To Brittney Griner’s family, friends, teammates and coaches, her situation is simple:
The Mercury center has been wrongfully detained since being arrested in February at a Moscow airport on charges of possession and transportation of cannabis. President Biden and the U.S. government have the power to cut a deal to have her released. Now.
“I think that POTUS and the White House still need to step up and do something, because 130 days is way too long for someone who’s been wrongfully imprisoned,” Mercury guard Sophie Cunningham said after Monday’s game.
“When he (Biden) decides that she’s going to come home, she’ll come home,” Mercury coach Vanessa Nygaard said. “So, we want to urge him to do his part and bring Brittney home.”
The sentiments are understandable, but few things in life are that simple. A potential swap of prisoners by two countries with a tattered relationship certainly isn’t.
No matter what your opinion might be of Biden, it’s hard to imagine he doesn’t want Griner to come home. She’s been held for more than four months and just now, on Friday, is her trial scheduled to start. Not that it will be much of a trial. It’s been reported that fewer than one percent of defendants in Russian criminal cases are acquitted. If convicted, Griner could face 10 years in prison.
But the White House and the State Department wouldn’t be doing their jobs if they weren’t trying to drive a hard bargain with the Russians.
Latest update: Russian court extends Phoenix Mercury star Brittney Griner’s detention 6 months
Freeing Griner, according to speculation, could require the U.S. to free Viktor Bout, a Russian arms trader nicknamed “The Merchant of Death.”
He was arrested in 2008 after undercover agents asked Bout to sell them missiles capable of shooting down American planes, and other weapons that could kill American troops.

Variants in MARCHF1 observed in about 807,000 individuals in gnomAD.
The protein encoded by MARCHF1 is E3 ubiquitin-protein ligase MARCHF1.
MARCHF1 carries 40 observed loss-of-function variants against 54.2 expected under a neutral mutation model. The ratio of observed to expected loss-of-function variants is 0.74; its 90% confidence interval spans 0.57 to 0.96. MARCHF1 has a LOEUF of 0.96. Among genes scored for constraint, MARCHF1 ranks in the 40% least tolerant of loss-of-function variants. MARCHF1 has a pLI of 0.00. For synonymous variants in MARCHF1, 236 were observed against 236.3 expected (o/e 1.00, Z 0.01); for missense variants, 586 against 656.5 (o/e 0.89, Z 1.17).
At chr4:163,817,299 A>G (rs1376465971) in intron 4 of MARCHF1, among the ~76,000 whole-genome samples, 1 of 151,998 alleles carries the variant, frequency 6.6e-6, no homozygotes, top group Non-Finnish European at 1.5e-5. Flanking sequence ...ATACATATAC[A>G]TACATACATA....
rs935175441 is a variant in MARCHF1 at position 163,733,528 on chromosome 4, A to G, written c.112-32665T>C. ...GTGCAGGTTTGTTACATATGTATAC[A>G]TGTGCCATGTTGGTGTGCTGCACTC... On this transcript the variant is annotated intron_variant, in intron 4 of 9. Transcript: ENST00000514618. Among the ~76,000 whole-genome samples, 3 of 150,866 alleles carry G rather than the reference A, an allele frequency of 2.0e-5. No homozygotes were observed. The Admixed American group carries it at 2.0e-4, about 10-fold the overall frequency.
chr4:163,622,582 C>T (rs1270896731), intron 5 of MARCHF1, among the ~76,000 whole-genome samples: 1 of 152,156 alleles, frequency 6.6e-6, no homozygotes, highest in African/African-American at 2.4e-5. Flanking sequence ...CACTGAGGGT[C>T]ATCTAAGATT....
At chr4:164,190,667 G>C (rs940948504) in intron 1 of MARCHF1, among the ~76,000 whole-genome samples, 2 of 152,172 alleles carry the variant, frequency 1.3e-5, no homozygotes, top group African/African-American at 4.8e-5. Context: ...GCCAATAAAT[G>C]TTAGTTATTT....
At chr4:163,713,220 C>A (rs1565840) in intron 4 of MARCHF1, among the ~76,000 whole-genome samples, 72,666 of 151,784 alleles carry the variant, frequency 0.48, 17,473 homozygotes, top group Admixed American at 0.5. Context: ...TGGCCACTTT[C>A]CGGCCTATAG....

“He was arguably the largest and most sophisticated arms trafficker on the globe when he was arrested,” Michael Braun, the DEA’s former chief of operations, told Yahoo Sports in May. “He was the guy who could deliver virtually anything with certainty to any bad actor all over the world.”
The possibility of releasing Bout, who is serving a 25-year sentence, should make a president pause. Maybe the White House is asking for more in return than just Griner. There has been speculation of a two-for-one swap: Griner and former Marine Paul Whelan, imprisoned in Russia on espionage charges, for Bout.
Maybe the U.S. is thinking that anything less will lead to other foreign countries arresting Americans in hopes of similar prisoner swaps.
This is not meant to minimize the trauma Griner has endured. Or that of her wife, other family members, teammates and friends. The basketball star and U.S. Olympian might well have been set up when she was arrested, one week before the Russians invaded Ukraine. Experts have said that is not unheard of in Russia.
The Griner critics who say she should have respected another country’s laws ignore that and assume she’s guilty as charged.
All Griner might be guilty of is making a bad decision to return to Russia to play basketball when everyone knew an invasion of Ukraine was imminent and that U.S.-Russian relations would become further strained as a result.
Read more: Phoenix Mercury push for Brittney Griner’s release as Russian court date is set for July 1
For the first few months of Griner’s detainment, supporters stayed relatively quiet, heeding advice that the less said, the better the chances were of her returning home.
That changed in May when the State Department reclassified Griner as wrongfully detained. Since then, supporters, including coaches and players from the WNBA and NBA, including the Mercury and Suns, have advocated for the U.S. to bring her home as soon as possible.
Related: Rep. Greg Stanton’s resolution pushing to free Brittney Griner passes House
But does her case take precedence over Whelan’s? He has been held since December 2018, and in 2020 was sentenced to 16 years on espionage charges that he has denied.
When fellow American Trevor Reed was released in a prisoner swap in April, Whelan asked, rightfully, why he was left behind. It’s a question that will be repeated should Griner come home and Whelan remains behind bars.
As Cunningham said, 130 days is too long for someone wrongfully imprisoned. So is the 1,200 or so in Whelan’s case.
Both need to come home as soon as possible. Reaching that conclusion is easy. Making it happen is far more complicated.
Reach Kent Somers at Kent.Somers@gannett.com. Follow him on Twitter @kentsomers. Support local journalism. Subscribe to azcentral.com today.